I think this is something many more security leaders can do in a structured manner, without having to allocate countless hours to sift through the noise. A brief announcement on social media, a form to receive/book pitches, and 2-4 hours set aside per month can be a fantastic way to help founders while also keeping up with new approaches to security, learning about new products, building relationships with entrepreneurs, and potentially finding new tools to secure their organizations with.
Advising venture capital firms & helping fund promising ideas
Getting involved with VC firms is one of the ways to make an impact in the industry. The venture capital model relies on picking outliers - teams and products with the potential to succeed and yield high returns. As cybersecurity is a deeply nuanced and technical industry, CISOs can add a lot of value by helping investors to evaluate startups from the practitioner’s point of view.
There are different ways to get involved with VCs, ranging from informal advisory relationships to participating in well-defined advisory panels. Many cybersecurity-focused venture funds have formal CISO and industry leader panels, such as Forgepoint Advisory Council, Village by Team8, Venture Advisors by YL Ventures, and NightDragon Advisory Council, to name a few. Generalist (non-cyber-focused) funds that want to invest in cybersecurity, also form relationships with security leaders to get help during due diligence and investment decision-making.
Getting involved with startup incubators & accelerators
Similarly to collaborating with VC firms, getting involved with startup incubators & accelerators can be a great way to work with many startups at once. There are several cyber-focused accelerators and incubators that work with early-stage ventures. Most are looking for mentors, advisors, and industry partners, - roles well suitable to security leaders with industry experience and connections. Each organization has its requirements around commitment but you can normally expect to invest one to eight hours per month. Those looking for a “lighter” commitment, can join as pitch judges or guest speakers - contributions that are equally as valuable to many incubators & accelerators.
Providing product feedback
It is incredible how hard it can be to get any feedback about the product in the industry. As a product person, having worked in several different fields (e-commerce, edtech, and fintech, to name a few), I was surprised at what it takes to get an opportunity to talk to people in security. Not every call with a non-customer is a sales pitch; customer discovery is critical for building great products. If you don’t know what pain points people have, it is hard to design a tool that solves them.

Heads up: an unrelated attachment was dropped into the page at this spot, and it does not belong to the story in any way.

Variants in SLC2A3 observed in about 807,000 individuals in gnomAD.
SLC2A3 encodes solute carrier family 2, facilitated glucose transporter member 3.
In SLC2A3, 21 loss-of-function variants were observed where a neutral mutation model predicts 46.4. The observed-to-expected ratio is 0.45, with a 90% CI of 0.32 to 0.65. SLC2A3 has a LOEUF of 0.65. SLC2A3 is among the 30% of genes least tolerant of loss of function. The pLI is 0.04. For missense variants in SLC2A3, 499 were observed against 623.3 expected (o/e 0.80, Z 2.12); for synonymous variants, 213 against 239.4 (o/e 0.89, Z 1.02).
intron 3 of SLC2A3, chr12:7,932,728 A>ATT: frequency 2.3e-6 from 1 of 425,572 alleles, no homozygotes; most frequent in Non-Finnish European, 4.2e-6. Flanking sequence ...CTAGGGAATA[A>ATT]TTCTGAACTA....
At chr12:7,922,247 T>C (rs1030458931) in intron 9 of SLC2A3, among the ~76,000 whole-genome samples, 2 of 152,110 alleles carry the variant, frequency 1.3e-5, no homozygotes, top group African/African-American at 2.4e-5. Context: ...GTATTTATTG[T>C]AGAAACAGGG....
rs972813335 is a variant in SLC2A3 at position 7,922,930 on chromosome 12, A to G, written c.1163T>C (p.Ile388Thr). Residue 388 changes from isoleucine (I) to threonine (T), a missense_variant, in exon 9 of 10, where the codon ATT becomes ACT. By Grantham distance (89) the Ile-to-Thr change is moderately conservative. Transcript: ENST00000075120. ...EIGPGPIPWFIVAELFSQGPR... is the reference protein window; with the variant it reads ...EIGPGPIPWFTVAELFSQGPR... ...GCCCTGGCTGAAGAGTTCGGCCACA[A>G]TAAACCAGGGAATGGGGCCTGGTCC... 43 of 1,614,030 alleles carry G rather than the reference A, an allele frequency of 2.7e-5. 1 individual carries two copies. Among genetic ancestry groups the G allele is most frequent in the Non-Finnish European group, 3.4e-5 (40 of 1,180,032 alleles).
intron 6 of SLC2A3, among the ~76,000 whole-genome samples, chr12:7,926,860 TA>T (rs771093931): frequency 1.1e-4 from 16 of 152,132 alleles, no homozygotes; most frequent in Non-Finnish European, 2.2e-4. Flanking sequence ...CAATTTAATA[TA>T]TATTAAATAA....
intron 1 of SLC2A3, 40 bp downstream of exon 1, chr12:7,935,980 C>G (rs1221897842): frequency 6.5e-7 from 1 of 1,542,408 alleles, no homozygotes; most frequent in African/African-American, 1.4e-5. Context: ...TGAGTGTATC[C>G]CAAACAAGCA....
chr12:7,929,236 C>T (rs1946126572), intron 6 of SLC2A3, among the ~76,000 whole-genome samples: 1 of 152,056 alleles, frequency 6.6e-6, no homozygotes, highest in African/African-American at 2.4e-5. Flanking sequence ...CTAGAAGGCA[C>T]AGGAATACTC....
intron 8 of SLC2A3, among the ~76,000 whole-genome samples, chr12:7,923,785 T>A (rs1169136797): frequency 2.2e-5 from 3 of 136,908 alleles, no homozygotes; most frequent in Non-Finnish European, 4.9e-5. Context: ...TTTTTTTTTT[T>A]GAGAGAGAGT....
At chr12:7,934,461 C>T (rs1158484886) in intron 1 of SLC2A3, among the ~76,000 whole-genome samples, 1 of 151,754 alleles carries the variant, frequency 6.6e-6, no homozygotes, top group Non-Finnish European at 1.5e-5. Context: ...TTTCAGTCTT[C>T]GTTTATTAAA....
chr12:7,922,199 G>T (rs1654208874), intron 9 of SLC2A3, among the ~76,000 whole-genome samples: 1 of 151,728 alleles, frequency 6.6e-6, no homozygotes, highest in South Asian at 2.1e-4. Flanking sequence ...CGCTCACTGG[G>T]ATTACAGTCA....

Seeing all vendors as enemies doesn’t help us to move the industry forward. Security leaders can help bridge the gap by being open to providing product feedback - highlighting what it does well, where the gaps are, what issues they run into, and what the teams should consider (and encouraging individual contributors on their security teams to do the same). It takes ten minutes to write a brief email to a vendor CISO decided not to move forward with, and that email might very well help them improve.
Advising startup founders
Becoming an advisor to the startup can be a great way to help founders and earn startup equity while doing it (I don’t see startup equity as an incentive, but rather a nice side effect from doing the right thing).
Startups would often benefit from honest feedback about their product, marketing materials, and go-to-market strategy, as well as from introductions to potential customers, investors, and industry partners. Founders need high-quality sounding boards, and security leaders with solid industry experience are well-positioned to become one.
As with everything else in this article, the CISO would need to make sure there are no conflicts of interest between this engagement and their main employer, but in the vast majority of cases, it’s all fine.
Joining a startup board of directors
For those with experience in board governance and a willingness to contribute at a more strategic level, joining a board of directors can be a perfect opportunity. Most early-stage boards consist of company founders and sometimes - major investors, but at a certain stage companies generally look for independent board members.
The best way to become a board member in a startup is to be genuinely interested in helping a founder, and building relationships over time through advising, angel investing, introducing them to people in your network, helping them to get funding, and other stuff a startup may need. Being a board member is a big responsibility, and you will need to make sure there are no conflicts of interest. It can also be a very rewarding experience to help steer a young venture and support entrepreneurs in their ambitious plans to make security better.
Investing in the next generation of startup leaders
Angel groups, private investment clubs, and individual angels are often the ones who support entrepreneurs at the earliest stage when institutional investors such as VCs are not ready to invest. As I discussed before, for an early-stage cybersecurity startup, getting a capital injection to get a prototype or an early BETA version to the market quickly is important. What is even more important is gaining access to potential customers, getting the right introductions to partners, and feedback from trusted advisors. Arguably, nothing trumps the amount of value that can come from security leaders and experienced professionals turned investors.